Friday, July 12, 2013

Pacific Rim Movie Review

Nice suit. Idris Elba & Charlie Hunnam (r) in Pacific Rim

Jaegers and Kaiju... Oh My

It took me a little more than forty-four years, but I finally know what it's like to be shell-shocked. One hour (I left midway through... No Más) of sensor shattering IMAX 3D is all Guillermo del Toro's Pacific Rim needed to literally blow this reviewer's mind. Sadly, I don't mean this in a positive "Whoa, that totally blew my mind!" but rather the negative, opposite way: Pacific Rim is terrible.

Rotten Tomatoes Plot: When legions of monstrous creatures, known as Kaiju, started rising from the sea, a war began that would take millions of lives and consume humanity's resources for years on end. To combat the giant Kaiju, a special type of weapon was devised: massive robots, called Jaegers, which are controlled simultaneously by two pilots whose minds are locked in a neural bridge. But even the Jaegers are proving nearly defenseless in the face of the relentless Kaiju. On the verge of defeat, the forces defending mankind have no choice but to turn to two unlikely heroes-a washed up former pilot (Charlie Hunnam) and an untested trainee (Rinko Kikuchi) who are teamed to drive a legendary but seemingly obsolete Jaeger from the past. Together, they stand as mankind's last hope against the mounting apocalypse.

What’s Best: Although their concept is ludicrous, del Toro's Jaegers are impressive to look at... at least while standing still. Unfortunately, both Jaegers and Kaiju are near impossible to observe while screaming and shaking the screen during battle. If I had a nickel for every time a director ruined perfectly good CGI by making it difficult to see...

What’s Not: For starters, let's tackle the aforementioned concept of a Jaeger: Stick two people inside a 250' high metal robot, fit them in space suits and attach them to stair climbers. Voila! Think Transformers, only less believable and harder to catch on film. Not impressed? Why not drown the first hour in boredom (AKA no action) and worse yet, no explanation of who the monsters are... until an annoying, seemingly drugged-out scientist named Newt (Charlie Day) mind-melds with one a la Independence Day. Surely you're impressed now?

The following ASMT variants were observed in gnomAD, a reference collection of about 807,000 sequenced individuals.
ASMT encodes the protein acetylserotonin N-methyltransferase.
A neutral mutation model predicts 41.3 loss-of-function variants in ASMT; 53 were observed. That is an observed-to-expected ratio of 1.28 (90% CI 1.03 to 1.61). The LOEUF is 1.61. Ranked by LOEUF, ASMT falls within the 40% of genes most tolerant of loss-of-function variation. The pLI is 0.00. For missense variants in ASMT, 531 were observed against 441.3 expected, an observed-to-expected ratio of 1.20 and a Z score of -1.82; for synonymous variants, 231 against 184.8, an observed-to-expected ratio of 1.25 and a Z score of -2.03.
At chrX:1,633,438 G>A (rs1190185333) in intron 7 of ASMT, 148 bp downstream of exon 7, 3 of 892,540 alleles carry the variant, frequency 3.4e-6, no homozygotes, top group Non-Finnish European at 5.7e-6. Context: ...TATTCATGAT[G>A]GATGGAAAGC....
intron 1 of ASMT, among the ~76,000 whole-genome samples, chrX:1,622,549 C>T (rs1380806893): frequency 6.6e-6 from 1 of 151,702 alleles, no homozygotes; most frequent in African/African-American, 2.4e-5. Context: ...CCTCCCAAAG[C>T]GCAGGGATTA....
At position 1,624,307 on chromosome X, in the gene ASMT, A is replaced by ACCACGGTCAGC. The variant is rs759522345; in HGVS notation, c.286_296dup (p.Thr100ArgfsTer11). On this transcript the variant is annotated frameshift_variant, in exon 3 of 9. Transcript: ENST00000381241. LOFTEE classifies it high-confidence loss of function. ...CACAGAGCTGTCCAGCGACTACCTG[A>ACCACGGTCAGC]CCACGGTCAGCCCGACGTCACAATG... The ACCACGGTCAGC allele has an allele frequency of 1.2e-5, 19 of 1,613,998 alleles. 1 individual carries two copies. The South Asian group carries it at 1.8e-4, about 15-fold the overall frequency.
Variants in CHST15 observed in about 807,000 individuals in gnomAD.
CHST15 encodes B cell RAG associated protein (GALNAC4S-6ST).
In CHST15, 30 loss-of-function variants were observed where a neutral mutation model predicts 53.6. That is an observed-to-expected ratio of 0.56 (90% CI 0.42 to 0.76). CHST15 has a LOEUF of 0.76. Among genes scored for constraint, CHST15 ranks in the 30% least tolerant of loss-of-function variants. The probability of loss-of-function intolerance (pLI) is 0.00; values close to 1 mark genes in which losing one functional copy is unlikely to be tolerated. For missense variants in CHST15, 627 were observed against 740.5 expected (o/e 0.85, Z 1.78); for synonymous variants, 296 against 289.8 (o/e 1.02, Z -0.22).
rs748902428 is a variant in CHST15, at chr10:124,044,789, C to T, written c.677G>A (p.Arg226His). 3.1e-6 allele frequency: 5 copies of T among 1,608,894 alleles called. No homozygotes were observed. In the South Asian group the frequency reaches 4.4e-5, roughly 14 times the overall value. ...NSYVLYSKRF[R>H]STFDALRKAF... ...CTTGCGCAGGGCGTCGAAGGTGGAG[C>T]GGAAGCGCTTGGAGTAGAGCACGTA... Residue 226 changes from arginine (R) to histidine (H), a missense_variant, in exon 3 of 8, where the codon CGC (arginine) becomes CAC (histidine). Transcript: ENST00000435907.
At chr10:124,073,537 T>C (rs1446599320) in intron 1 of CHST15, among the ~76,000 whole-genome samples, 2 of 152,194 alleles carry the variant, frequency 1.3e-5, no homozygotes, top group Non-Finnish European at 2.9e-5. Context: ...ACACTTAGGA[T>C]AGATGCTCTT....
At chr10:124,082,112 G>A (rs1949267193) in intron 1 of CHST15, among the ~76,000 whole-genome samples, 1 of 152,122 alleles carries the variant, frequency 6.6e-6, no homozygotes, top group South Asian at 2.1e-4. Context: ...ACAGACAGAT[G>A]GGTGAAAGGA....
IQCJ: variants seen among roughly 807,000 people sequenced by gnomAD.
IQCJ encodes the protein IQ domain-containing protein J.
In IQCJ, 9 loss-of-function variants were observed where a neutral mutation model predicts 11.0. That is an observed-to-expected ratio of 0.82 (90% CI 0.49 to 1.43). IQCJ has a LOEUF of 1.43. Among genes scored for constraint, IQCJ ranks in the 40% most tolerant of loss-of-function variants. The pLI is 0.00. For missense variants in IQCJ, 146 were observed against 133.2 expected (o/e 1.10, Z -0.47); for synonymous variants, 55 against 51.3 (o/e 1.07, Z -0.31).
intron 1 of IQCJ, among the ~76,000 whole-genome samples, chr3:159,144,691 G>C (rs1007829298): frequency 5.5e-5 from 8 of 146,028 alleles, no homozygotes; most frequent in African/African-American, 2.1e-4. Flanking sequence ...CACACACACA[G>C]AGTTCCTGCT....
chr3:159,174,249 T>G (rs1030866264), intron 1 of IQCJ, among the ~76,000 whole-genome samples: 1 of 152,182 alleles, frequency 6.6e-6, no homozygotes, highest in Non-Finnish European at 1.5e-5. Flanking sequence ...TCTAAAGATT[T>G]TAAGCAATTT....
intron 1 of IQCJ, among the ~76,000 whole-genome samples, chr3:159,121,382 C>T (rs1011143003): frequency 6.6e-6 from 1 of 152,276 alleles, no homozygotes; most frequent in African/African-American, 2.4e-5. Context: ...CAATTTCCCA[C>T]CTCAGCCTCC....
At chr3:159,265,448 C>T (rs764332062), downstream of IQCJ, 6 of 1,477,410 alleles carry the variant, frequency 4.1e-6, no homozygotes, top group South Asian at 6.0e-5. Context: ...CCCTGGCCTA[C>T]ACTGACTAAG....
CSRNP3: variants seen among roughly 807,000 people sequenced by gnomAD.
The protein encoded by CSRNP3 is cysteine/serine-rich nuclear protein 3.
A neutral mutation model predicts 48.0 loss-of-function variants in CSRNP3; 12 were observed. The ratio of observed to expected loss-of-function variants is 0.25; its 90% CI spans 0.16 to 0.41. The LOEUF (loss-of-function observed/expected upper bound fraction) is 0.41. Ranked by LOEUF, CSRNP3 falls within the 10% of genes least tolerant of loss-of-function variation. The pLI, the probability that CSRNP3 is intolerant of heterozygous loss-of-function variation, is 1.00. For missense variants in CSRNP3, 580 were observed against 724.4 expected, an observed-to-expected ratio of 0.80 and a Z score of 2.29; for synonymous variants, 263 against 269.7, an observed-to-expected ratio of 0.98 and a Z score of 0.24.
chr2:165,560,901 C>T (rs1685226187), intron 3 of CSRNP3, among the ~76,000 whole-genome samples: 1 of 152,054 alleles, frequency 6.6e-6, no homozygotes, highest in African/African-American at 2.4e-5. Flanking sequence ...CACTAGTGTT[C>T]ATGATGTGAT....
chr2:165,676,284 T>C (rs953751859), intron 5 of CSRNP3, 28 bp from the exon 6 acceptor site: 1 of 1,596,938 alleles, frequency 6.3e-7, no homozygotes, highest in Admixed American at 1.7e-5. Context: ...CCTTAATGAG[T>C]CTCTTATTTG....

Speaking of Newt (you didn't think I was going to let him off that easy, did you?) his character is the equivalent of fingernails across a chalkboard. A combination of Sam Rockwell meets Bobcat Goldthwait (the younger, more annoying one) he spends every scene screaming incoherently, until finally you just have to get up and leave.

Best Line: Stacker (Idris Elba) gives Hunnam's Raleigh two warnings after a confrontation, 'First, don't you ever touch me again, and second... don't you ever touch me again.' Message received, loud and clear.

Overall: It's true: Money does grow on trees. How else do you explain a $180 million budget with one recognizable star (Elba) that's largely spent on busting its audience's eardrums? I suppose the idea is original enough, but del Toro and fellow writer Travis Beacham ruin any goodwill by copying whole parts from movies past (Independence Day, The Matrix, Top Gun, Transformers.) Is it that hard to write something good, yet alone remotely plausible? Elba's one of my favorite actors, but he's reduced to wearing nice suits and looking official: What a waste. The rest of the cast? I barely knew who any of them were (not you Hellboy... Too bad, del Toro didn't make a third one of you instead of this.)

I grew up with Godzilla and King Kong... monsters with personality, even soul. Del Toro seems content on delivering a stripped down Transformer that you can shut down by pulling a hose out of a console. Polite applause from fellow rebels (or whatever they're called, in this movie) during hand-to-hand combat training and robot warm ups? At least someone felt like clapping.

GradeF (As I write this, Pacific Rim holds an 81% rating on Rotten Tomatoes. I can't for the life of me understand why; but I refuse to "join the crowd," especially when the crowd I sat with (for just over an hour) remained pretty much silent for the duration. Perhaps they were celebrating on the inside? I highly doubt it.